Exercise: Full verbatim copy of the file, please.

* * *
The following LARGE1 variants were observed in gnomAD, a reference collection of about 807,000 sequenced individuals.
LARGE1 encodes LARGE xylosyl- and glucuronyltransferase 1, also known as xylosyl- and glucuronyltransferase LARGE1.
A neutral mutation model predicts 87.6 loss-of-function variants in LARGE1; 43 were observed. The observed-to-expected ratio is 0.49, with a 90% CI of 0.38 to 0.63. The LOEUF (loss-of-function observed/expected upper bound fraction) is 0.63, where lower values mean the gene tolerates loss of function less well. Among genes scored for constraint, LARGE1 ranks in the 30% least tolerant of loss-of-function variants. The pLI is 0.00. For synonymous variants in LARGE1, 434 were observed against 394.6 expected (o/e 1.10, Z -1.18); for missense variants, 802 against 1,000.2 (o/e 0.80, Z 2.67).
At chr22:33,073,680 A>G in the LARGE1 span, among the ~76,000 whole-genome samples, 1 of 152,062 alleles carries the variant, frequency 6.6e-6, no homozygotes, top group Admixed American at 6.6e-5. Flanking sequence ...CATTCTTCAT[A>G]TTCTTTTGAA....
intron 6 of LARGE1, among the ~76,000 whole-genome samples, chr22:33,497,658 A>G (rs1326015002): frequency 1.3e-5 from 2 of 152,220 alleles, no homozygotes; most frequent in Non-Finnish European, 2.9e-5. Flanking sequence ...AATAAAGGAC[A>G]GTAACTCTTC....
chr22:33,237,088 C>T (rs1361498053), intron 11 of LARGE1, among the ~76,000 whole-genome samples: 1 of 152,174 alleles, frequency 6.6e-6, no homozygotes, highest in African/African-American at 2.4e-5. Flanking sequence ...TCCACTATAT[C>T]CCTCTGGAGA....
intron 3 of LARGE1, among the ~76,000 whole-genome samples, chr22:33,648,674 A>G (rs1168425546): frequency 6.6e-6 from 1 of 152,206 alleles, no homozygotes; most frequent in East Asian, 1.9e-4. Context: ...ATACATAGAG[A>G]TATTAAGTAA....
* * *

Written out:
The following LARGE1 variants were observed in gnomAD, a reference collection of about 807,000 sequenced individuals.
LARGE1 encodes LARGE xylosyl- and glucuronyltransferase 1, also known as xylosyl- and glucuronyltransferase LARGE1.
A neutral mutation model predicts 87.6 loss-of-function variants in LARGE1; 43 were observed. The observed-to-expected ratio is 0.49, with a 90% CI of 0.38 to 0.63. The LOEUF (loss-of-function observed/expected upper bound fraction) is 0.63, where lower values mean the gene tolerates loss of function less well. Among genes scored for constraint, LARGE1 ranks in the 30% least tolerant of loss-of-function variants. The pLI is 0.00. For synonymous variants in LARGE1, 434 were observed against 394.6 expected (o/e 1.10, Z -1.18); for missense variants, 802 against 1,000.2 (o/e 0.80, Z 2.67).
At chr22:33,073,680 A>G in the LARGE1 span, among the ~76,000 whole-genome samples, 1 of 152,062 alleles carries the variant, frequency 6.6e-6, no homozygotes, top group Admixed American at 6.6e-5. Flanking sequence ...CATTCTTCAT[A>G]TTCTTTTGAA....
intron 6 of LARGE1, among the ~76,000 whole-genome samples, chr22:33,497,658 A>G (rs1326015002): frequency 1.3e-5 from 2 of 152,220 alleles, no homozygotes; most frequent in Non-Finnish European, 2.9e-5. Flanking sequence ...AATAAAGGAC[A>G]GTAACTCTTC....
chr22:33,237,088 C>T (rs1361498053), intron 11 of LARGE1, among the ~76,000 whole-genome samples: 1 of 152,174 alleles, frequency 6.6e-6, no homozygotes, highest in African/African-American at 2.4e-5. Flanking sequence ...TCCACTATAT[C>T]CCTCTGGAGA....
intron 3 of LARGE1, among the ~76,000 whole-genome samples, chr22:33,648,674 A>G (rs1168425546): frequency 6.6e-6 from 1 of 152,206 alleles, no homozygotes; most frequent in East Asian, 1.9e-4. Context: ...ATACATAGAG[A>G]TATTAAGTAA....